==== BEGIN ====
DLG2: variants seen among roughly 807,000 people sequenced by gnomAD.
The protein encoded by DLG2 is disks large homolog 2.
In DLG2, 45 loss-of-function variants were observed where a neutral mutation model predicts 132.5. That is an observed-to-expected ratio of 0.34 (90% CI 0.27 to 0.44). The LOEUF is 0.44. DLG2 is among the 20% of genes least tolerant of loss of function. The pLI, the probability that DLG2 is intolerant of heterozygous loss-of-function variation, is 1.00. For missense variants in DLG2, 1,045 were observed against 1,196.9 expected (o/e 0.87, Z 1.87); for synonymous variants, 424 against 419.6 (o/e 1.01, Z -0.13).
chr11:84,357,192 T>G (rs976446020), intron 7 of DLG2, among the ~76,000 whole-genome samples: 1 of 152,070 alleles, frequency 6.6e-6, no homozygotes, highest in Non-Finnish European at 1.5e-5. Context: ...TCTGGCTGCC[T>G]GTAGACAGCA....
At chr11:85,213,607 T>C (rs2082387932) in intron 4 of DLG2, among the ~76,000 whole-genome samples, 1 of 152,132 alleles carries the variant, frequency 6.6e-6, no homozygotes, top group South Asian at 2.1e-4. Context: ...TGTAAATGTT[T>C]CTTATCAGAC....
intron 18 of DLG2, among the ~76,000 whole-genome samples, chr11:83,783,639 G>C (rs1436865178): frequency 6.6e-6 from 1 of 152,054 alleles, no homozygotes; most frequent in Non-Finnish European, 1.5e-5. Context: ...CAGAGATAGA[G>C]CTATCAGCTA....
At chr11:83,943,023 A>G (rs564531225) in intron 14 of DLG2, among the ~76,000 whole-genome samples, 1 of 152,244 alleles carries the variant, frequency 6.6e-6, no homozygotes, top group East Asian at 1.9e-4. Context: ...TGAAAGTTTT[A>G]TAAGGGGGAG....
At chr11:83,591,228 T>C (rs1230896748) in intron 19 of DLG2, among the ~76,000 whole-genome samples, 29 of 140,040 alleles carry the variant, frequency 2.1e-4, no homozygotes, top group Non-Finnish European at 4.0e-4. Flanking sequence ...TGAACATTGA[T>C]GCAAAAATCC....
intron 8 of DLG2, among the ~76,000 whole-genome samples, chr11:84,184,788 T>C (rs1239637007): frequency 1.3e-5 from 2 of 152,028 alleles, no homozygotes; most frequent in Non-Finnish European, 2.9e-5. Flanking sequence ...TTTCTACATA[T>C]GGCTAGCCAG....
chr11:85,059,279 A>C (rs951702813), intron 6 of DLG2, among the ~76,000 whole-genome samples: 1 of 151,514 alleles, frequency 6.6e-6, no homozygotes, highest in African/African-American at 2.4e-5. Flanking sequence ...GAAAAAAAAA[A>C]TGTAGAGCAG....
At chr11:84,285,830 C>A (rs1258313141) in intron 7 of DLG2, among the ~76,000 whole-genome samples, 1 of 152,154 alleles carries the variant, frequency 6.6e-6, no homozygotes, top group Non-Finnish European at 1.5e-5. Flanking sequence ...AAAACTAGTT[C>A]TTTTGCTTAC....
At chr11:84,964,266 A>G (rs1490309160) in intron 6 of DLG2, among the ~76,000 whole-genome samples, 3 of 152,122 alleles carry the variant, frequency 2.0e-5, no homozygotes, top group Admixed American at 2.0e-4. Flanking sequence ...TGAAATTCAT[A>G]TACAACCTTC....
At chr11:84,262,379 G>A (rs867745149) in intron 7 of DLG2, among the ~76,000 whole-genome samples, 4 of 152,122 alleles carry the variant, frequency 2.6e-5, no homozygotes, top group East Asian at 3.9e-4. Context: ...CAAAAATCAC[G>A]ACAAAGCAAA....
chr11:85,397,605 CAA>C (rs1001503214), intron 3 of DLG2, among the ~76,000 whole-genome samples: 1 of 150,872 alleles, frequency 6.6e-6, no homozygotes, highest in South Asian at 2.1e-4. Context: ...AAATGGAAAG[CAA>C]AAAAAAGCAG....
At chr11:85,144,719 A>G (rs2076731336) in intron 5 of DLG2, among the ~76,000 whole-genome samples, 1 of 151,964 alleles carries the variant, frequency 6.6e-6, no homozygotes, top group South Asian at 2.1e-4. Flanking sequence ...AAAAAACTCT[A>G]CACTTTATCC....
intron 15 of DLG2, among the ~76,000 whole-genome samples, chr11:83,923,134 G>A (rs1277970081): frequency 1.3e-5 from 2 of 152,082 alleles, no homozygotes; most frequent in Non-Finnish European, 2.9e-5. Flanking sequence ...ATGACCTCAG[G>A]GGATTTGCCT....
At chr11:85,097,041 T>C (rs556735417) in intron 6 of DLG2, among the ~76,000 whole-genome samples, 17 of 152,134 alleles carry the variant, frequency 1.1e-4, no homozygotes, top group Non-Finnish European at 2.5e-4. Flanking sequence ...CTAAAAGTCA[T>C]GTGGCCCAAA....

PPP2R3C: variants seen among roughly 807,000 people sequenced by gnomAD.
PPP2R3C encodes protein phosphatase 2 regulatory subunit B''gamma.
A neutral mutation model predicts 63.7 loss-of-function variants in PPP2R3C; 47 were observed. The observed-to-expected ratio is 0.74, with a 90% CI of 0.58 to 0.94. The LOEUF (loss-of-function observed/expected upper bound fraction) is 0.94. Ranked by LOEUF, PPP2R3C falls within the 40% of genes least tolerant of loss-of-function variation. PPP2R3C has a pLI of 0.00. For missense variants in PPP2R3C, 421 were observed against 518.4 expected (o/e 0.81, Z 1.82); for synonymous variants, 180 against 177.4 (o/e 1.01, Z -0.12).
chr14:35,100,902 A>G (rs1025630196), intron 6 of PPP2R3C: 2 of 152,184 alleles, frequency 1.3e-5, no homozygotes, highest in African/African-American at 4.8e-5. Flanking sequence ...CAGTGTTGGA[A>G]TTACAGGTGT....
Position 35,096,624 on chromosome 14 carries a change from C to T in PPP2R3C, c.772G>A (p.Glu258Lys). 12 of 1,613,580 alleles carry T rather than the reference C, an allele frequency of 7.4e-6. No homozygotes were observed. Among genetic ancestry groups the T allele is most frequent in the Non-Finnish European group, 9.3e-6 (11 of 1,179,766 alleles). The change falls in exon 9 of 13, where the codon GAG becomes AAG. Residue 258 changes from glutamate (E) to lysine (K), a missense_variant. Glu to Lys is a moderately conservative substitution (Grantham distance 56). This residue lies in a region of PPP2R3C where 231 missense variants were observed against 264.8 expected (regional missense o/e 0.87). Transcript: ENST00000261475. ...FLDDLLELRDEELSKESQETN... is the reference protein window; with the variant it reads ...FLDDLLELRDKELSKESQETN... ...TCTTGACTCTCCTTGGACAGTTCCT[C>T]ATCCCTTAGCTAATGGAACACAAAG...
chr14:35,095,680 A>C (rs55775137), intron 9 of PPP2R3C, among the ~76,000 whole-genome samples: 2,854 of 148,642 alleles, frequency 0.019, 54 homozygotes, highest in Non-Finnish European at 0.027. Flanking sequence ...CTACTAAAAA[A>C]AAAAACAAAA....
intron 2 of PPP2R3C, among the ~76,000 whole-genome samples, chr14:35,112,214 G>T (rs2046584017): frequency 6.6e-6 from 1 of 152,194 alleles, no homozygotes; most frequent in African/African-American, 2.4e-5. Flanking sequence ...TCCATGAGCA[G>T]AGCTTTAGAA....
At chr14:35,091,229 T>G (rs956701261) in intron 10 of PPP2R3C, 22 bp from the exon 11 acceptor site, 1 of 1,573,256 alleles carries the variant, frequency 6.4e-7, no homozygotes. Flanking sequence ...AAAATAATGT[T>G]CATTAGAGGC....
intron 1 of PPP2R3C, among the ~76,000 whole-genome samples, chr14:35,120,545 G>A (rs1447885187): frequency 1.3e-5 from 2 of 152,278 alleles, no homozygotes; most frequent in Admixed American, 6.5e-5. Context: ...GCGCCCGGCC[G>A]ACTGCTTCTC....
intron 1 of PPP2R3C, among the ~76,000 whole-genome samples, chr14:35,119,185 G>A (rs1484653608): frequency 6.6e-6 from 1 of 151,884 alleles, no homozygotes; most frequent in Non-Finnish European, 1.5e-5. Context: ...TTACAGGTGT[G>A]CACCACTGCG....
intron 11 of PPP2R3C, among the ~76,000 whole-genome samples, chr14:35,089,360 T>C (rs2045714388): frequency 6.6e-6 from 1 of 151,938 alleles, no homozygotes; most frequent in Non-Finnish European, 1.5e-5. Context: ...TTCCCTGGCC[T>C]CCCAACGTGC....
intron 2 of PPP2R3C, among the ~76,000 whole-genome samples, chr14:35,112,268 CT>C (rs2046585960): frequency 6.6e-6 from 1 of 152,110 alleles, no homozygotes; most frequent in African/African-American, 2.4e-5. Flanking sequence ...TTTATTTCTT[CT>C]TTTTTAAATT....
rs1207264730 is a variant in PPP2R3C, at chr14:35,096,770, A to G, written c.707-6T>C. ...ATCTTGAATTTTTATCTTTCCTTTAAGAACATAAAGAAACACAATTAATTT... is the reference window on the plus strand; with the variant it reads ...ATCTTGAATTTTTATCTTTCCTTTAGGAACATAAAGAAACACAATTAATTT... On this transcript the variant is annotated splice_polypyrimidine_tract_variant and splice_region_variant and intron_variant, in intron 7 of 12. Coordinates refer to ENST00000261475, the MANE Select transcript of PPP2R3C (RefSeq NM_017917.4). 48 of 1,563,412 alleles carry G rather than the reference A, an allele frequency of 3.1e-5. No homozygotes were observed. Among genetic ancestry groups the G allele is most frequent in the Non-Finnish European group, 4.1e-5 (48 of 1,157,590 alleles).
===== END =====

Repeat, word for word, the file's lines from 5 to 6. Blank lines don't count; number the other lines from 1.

At chr11:85,213,607 T>C (rs2082387932) in intron 4 of DLG2, among the ~76,000 whole-genome samples, 1 of 152,132 alleles carries the variant, frequency 6.6e-6, no homozygotes, top group South Asian at 2.1e-4. Context: ...TGTAAATGTT[T>C]CTTATCAGAC....
intron 18 of DLG2, among the ~76,000 whole-genome samples, chr11:83,783,639 G>C (rs1436865178): frequency 6.6e-6 from 1 of 152,054 alleles, no homozygotes; most frequent in Non-Finnish European, 1.5e-5. Context: ...CAGAGATAGA[G>C]CTATCAGCTA....